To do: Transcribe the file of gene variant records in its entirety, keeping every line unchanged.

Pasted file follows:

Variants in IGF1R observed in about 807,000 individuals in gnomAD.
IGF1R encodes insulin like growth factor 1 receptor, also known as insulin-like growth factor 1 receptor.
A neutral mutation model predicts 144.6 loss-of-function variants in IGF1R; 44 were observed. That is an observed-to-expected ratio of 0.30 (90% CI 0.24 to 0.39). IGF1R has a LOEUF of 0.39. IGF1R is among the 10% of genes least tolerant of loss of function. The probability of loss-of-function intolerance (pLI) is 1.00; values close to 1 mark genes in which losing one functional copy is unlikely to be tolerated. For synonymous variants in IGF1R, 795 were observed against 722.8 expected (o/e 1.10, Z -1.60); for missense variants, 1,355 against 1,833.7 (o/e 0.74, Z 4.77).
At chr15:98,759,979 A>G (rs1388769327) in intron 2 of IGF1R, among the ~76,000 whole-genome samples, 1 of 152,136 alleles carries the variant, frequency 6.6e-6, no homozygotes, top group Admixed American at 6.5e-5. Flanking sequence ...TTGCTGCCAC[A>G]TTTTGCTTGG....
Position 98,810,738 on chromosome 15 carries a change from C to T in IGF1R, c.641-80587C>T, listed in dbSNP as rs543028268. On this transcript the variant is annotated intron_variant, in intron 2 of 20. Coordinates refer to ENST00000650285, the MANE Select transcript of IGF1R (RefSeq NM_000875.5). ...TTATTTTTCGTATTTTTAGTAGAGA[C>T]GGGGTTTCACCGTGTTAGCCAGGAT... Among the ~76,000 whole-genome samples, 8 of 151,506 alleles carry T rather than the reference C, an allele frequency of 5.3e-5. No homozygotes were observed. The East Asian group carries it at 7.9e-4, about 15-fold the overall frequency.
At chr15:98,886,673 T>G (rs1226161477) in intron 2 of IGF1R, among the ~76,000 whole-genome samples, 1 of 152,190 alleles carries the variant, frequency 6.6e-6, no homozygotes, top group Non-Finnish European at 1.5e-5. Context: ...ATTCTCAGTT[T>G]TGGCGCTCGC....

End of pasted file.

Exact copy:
Variants in IGF1R observed in about 807,000 individuals in gnomAD.
IGF1R encodes insulin like growth factor 1 receptor, also known as insulin-like growth factor 1 receptor.
A neutral mutation model predicts 144.6 loss-of-function variants in IGF1R; 44 were observed. That is an observed-to-expected ratio of 0.30 (90% CI 0.24 to 0.39). IGF1R has a LOEUF of 0.39. IGF1R is among the 10% of genes least tolerant of loss of function. The probability of loss-of-function intolerance (pLI) is 1.00; values close to 1 mark genes in which losing one functional copy is unlikely to be tolerated. For synonymous variants in IGF1R, 795 were observed against 722.8 expected (o/e 1.10, Z -1.60); for missense variants, 1,355 against 1,833.7 (o/e 0.74, Z 4.77).
At chr15:98,759,979 A>G (rs1388769327) in intron 2 of IGF1R, among the ~76,000 whole-genome samples, 1 of 152,136 alleles carries the variant, frequency 6.6e-6, no homozygotes, top group Admixed American at 6.5e-5. Flanking sequence ...TTGCTGCCAC[A>G]TTTTGCTTGG....
Position 98,810,738 on chromosome 15 carries a change from C to T in IGF1R, c.641-80587C>T, listed in dbSNP as rs543028268. On this transcript the variant is annotated intron_variant, in intron 2 of 20. Coordinates refer to ENST00000650285, the MANE Select transcript of IGF1R (RefSeq NM_000875.5). ...TTATTTTTCGTATTTTTAGTAGAGA[C>T]GGGGTTTCACCGTGTTAGCCAGGAT... Among the ~76,000 whole-genome samples, 8 of 151,506 alleles carry T rather than the reference C, an allele frequency of 5.3e-5. No homozygotes were observed. The East Asian group carries it at 7.9e-4, about 15-fold the overall frequency.
At chr15:98,886,673 T>G (rs1226161477) in intron 2 of IGF1R, among the ~76,000 whole-genome samples, 1 of 152,190 alleles carries the variant, frequency 6.6e-6, no homozygotes, top group Non-Finnish European at 1.5e-5. Context: ...ATTCTCAGTT[T>G]TGGCGCTCGC....